When I blog, I think I’ve lost that excuse, if I want to be truthful at all. I think the reason I have trouble talking about myself on the web because it loses even the superficial security of a book that one gets from writing a journal. I believe that my fear of passing my ideas around stems from a multi-faceted flower—one side being that I like to keep as much of the mask of anonymity as I can and another being that I fear the chances that my ideas may be mocked, crushed, and that I might be hurt in some way.
I think it is apparent, then, that I find myself with a weighing of the scales involved. The benefits of writing can only be multiplied by way of an audience seeing a completed work, but I have to see those benefits as worth it in the long run. And I think that right now the scales are turning that way.
The best way to attempt to do this whole “practice” thing as far as I can tell, is to set a near impossible goal for oneself and then even when that goal isn’t reached, accomplishments have been made. (The cliché, “Aim for the moon, if you don’t reach it, you are still among the stars.”) For me, at least, that was what National Novel Writing Month was really about.
Writing 50,000 words of a comprehendible novel in thirty days is, for me at this time, impossible. But the experience was over all quite worth it. It showed that I could come damn close to reaching that sort of production, even if quality is necessarily sacrificed (“he was a prolific author, you have to give him that,” they said at his funeral).
The one thing I perhaps did not expect to gain from my NaNoWriMo attempt was the salvageable ruins of different little stories or ideas or what have you. I like to think of them as seeds, something I think I’m stealing from Stephen King, but the right moniker as far as I’m concerned. Little tiny things that can grow in a wide variety of different directions.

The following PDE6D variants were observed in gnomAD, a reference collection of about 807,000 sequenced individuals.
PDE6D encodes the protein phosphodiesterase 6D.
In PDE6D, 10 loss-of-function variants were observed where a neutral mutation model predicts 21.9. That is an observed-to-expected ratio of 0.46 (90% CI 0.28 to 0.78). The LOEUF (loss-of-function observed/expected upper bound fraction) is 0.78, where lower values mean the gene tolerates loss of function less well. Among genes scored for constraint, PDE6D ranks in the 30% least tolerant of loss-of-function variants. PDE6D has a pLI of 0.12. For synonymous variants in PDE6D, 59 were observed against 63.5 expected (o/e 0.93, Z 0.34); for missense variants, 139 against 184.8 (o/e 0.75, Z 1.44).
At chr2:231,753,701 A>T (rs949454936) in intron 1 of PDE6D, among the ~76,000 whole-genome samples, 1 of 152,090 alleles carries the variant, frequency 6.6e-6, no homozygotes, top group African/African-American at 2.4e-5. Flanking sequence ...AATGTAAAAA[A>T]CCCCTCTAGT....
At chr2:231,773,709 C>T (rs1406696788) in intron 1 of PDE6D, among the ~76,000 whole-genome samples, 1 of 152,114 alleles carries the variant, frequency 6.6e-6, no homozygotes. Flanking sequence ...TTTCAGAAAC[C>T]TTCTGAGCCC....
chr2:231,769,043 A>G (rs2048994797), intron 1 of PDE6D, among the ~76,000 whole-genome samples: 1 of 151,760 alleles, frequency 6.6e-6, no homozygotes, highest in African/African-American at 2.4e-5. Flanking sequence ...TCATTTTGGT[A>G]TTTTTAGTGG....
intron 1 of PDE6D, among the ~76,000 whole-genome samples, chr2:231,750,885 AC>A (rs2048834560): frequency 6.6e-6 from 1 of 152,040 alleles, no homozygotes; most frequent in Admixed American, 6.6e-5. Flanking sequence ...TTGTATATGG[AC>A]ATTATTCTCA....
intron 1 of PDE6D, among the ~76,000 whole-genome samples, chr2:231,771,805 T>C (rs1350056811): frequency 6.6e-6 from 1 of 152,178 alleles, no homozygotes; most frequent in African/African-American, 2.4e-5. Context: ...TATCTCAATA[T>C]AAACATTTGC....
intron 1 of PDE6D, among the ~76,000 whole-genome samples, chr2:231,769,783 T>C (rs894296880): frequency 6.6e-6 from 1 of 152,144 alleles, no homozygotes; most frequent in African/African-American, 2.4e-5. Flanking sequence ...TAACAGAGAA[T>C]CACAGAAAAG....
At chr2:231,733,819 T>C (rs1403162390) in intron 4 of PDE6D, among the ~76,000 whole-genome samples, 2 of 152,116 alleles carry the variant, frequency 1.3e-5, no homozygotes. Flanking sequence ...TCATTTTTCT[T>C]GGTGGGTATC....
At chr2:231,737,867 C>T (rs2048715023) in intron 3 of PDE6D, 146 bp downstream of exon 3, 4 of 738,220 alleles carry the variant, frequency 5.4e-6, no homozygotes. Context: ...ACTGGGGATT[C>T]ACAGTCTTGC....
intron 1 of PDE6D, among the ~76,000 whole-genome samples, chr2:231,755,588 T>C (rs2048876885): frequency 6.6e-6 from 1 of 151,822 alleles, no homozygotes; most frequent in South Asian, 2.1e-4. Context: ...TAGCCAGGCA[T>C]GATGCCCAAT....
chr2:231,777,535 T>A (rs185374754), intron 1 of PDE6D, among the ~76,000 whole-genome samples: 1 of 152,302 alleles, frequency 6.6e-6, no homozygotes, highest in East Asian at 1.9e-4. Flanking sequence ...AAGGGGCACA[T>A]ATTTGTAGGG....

The new impossible goal is to write a bit less, but on many more topics. The whole “blog entry a day” thing seems to have taken off, or did, I may have missed the fad, but I’m not doing it to look cool, since I’m pretty sure that isn’t possible. So, right now, the idea is 1,000+ words per entry (a reason in itself for the “uncoolness”), for every day of August as well as today, the last day of July.
I don’t think I can do it, but that is somewhat the point here. And I want to have a little bit of fun with it, so I plan on doing a little bit of theme running and alliteration throughout the month.
I’m thinking about it like that pitcher before every inning throwing all his pitches out just to make sure he has them there in the eight before he faces another hitter or the batter who is going all out in the minor leagues to see if his injury is completely gone or not.
And since my writing production has been very much a mixed bag, extremely inconsistent, I think some sort of schedule will work well for me at the moment. As an added bonus [sarky] Oh, lucky you [/sarky], I may put up little free verse poems now and then, along with more substantial posts.
So now, because I’m finding myself too often searching for the right word to continue with, and my notifications have been made, I bid you adieu, sorry for boring you.